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State v. Martin

Court of Appeals of Ohio, Sixth District, Sandusky

February 16, 2018

State of Ohio Appellee
v.
Jodi A. Martin Appellant

         Trial Court No. 15 CR 996

          Brett A. Klimkowsky, for appellant.

          DECISION AND JUDGMENT

          OSOWIK, J.

         {¶ 1} This is an appeal brought by appellant from the judgment of the Sandusky County Court of Common Pleas. In this case, the court accepted appellant's plea of guilty to the offense of theft, a violation of R.C. 2913.02(A)(1), a felony of the fifth degree. The state recommended the imposition of no more than 60 days in the local jail and restitution to the victim, Fremont VFW, in the amount of $175, 000.

         {¶ 2} Appellant was sentenced to serve a period of incarceration of 12 months in prison. Appellant was also found to be reasonably expected to have the ability to pay all or part of the costs of assigned counsel and prosecution pursuant to R.C. 2941.51(D) and was therefore ordered to pay those costs.

         {¶ 3} Appointed counsel has filed a brief and requested leave to withdraw as counsel pursuant to Anders v. California, 386 U.S. 738, 87 S.Ct. 1396, 18 L.Ed.2d 493 (1967). Under Anders, if, after a conscientious examination of the case, counsel concludes the appeal to be wholly frivolous, he should so advise the court and request permission to withdraw. Id. at 744. This request must be accompanied by a brief identifying anything in the record that could arguably support the appeal. Id. In addition, counsel must provide appellant with a copy of the brief and request to withdraw, and allow appellant sufficient time to raise any additional matters. Id. Once these requirements are satisfied, the appellate court is required to conduct an independent examination of the proceedings below to determine if the appeal is indeed frivolous. Id. If it so finds, the appellate court may grant counsel's request to withdraw, and decide the appeal without violating any constitutional requirements. Id

         {¶ 4} In this case, appellant's appointed counsel has satisfied the requirements set forth in Anders, supra.

         {¶ 5} Accordingly, this court shall proceed with an examination of the potential assignments of error set forth by counsel. We have reviewed and considered the entire record from below including the transcript of all proceedings and journal entries and original papers from the Sandusky County Court of Common Pleas as well as the brief filed by counsel. Upon this review we will determine if this appeal lacks merit and is, therefore, wholly frivolous.

         {¶ 6} At the outset, we note that appellee has not filed a responsive brief and appellant herself has not filed a brief on her own behalf.

         {¶ 7} Counsel has not identified any potential assignments of error but has outlined his analysis and review of the record that included examination of the plea, the sentence and effectiveness of trial counsel.

         {¶ 8} A guilty or no contest plea must be made knowingly, intelligently, and voluntarily to be valid under both the United States and Ohio Constitutions. Boykin v. Alabama, 395 U.S. 238, 89 S.Ct. 1709, 23 L.Ed.2d 274 (1969); State v. Engle, 74 Ohio St.3d 525, 527, 660 N.E.2d 450 (1996). Therefore, before accepting a plea of guilty or no contest to a felony offense, Crim.R. 11(C)(2) requires that a trial court conduct a hearing with a personal colloquy with the defendant, make specific determinations and give specific warnings required by Crim.R. 11(C)(2)(a) and (b), and notify the defendant of the constitutional rights listed in Crim.R. 11(C)(2)(c) that he would be waiving. State v. Acosta, 6th Dist No. WD-15-066, 2016-Ohio-5698.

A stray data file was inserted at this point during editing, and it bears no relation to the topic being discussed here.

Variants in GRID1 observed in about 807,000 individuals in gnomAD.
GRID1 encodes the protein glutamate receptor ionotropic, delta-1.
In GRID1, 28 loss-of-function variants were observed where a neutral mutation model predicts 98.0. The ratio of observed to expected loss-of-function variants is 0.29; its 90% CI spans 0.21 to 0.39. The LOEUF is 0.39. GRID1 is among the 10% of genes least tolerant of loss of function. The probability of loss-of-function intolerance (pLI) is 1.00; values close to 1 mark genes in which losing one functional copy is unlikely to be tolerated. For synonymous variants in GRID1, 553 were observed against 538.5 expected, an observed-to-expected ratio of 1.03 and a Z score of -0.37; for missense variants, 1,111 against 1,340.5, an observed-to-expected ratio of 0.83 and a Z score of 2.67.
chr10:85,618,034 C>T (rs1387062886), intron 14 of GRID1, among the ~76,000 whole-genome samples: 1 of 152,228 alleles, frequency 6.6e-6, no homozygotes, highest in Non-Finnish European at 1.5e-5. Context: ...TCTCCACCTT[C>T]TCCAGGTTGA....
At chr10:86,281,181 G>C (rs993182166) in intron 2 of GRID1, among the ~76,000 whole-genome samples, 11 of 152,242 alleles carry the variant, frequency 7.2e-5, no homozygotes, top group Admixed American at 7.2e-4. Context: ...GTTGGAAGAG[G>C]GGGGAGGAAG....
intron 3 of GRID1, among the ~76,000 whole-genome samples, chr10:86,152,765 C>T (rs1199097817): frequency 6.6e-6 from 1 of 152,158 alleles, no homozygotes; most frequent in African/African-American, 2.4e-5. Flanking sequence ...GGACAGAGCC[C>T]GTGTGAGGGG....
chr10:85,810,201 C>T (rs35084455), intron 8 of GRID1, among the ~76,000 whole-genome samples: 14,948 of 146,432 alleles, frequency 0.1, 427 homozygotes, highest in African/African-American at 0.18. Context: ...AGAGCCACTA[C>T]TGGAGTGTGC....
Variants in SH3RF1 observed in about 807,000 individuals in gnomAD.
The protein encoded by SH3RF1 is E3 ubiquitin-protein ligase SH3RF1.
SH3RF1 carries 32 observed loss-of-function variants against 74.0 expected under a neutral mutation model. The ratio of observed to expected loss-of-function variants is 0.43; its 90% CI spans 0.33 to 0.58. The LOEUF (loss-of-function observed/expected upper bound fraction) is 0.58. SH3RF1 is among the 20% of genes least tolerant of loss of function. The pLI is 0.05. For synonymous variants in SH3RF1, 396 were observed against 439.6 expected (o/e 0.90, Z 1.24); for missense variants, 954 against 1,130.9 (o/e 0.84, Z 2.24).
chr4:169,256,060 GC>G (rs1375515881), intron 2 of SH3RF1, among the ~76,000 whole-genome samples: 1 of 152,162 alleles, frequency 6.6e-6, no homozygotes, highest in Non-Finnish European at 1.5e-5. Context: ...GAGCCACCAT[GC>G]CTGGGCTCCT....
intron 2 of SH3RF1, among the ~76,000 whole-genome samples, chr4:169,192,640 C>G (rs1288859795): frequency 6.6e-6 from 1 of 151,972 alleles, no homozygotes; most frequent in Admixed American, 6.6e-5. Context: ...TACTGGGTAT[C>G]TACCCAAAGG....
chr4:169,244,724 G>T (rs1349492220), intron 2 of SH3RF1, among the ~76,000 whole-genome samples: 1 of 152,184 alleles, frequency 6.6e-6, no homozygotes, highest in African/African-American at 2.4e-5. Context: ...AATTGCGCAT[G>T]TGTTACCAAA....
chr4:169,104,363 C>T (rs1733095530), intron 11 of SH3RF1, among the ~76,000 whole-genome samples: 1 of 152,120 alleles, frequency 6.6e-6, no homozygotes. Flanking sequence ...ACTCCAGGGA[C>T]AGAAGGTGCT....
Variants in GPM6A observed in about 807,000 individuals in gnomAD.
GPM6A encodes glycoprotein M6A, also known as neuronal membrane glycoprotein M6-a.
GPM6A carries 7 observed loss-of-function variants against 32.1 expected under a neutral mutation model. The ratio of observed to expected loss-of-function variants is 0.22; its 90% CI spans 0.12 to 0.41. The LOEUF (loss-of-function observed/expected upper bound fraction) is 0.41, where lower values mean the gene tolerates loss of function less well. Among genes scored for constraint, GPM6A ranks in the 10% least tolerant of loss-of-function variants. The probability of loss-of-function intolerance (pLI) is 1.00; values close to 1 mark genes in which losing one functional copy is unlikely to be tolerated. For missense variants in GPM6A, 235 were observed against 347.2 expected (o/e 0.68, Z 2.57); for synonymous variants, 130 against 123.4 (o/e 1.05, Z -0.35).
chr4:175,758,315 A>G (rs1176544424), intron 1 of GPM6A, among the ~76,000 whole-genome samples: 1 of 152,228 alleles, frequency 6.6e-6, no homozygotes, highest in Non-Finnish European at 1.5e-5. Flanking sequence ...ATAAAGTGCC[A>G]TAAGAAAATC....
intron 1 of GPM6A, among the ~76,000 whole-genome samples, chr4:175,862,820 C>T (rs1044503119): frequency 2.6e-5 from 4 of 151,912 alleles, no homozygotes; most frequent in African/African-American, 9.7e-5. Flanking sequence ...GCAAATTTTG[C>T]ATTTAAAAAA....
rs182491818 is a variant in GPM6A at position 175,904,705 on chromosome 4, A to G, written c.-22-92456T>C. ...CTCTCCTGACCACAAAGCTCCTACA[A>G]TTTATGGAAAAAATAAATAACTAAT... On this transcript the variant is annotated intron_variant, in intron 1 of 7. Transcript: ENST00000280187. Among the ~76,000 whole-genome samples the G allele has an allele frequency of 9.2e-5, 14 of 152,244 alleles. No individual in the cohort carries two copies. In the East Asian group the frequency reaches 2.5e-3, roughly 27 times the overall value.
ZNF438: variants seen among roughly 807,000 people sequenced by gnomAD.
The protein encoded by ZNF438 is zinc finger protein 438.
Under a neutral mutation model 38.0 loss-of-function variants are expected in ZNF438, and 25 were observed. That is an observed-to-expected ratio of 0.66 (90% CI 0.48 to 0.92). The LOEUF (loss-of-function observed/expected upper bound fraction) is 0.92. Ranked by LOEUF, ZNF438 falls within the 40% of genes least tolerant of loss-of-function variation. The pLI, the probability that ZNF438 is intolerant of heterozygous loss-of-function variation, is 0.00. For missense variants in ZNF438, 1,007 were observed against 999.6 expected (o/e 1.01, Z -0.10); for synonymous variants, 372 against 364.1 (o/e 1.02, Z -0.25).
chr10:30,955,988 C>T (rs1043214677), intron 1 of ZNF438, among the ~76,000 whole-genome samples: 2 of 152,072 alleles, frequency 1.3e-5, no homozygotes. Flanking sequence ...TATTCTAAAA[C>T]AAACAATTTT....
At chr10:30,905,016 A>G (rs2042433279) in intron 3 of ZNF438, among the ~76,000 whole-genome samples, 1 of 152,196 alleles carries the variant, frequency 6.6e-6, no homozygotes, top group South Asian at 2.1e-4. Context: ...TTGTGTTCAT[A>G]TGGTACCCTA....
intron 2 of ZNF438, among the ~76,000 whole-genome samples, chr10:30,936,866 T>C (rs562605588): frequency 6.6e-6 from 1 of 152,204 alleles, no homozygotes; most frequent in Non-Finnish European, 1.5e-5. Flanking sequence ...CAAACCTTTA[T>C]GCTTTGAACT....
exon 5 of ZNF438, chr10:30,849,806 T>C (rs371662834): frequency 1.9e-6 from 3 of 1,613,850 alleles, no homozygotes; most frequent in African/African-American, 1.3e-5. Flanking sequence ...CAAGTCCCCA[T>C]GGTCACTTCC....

{¶ 9} The transcript of the March 21, 2017 plea hearing establishes that the trial court engaged in a full and complete colloquy with appellant concerning her plea as required by Crim.R. 11(C) (2). Appellant understood the nature of her guilty plea and answered affirmatively when advised of each of her constitutional rights that she would be forfeiting by not proceeding to trial. She also acknowledged that the court was not bound by the recommendation of the prosecution concerning the 60 day jail sentence and that she could be sentenced up to a maximum period of incarceration of 12 months in prison and be subjected to as much as a $2, 500 fine and costs as well as restitution in the amount of $175, 000. She was also appropriately notified of her postrelease control. Based upon this review, we agree with counsel and find no error in the plea before the trial court.

         {¶ 10} Appellant was sentenced to serve a period of 12 months imprisonment, which is the maximum period of incarceration for a fifth-degree felony pursuant to R.C. 2929.14(A)(5). As such, although entitled to an appeal as of right under R.C. 2953.08(A)(1), her sentence is reviewed under R.C. 2953.08(G), which compels appellate courts to modify or vacate sentences if they find by clear and convincing evidence that the record does not support any relevant findings under division (B) or (D) of section 2929.13, division (B)(2)(e) or (C)(4) of section 2929.14, or division (I) of section 2929.20 of the Revised Code.

         {¶ 11} Clear and convincing evidence is that measure or degree of proof which is more than a mere "preponderance of the evidence, " but not to the extent of such certainty as is required "beyond a reasonable doubt" in criminal cases, and which will produce in the mind of the trier of facts a firm belief or conviction as to the facts ...


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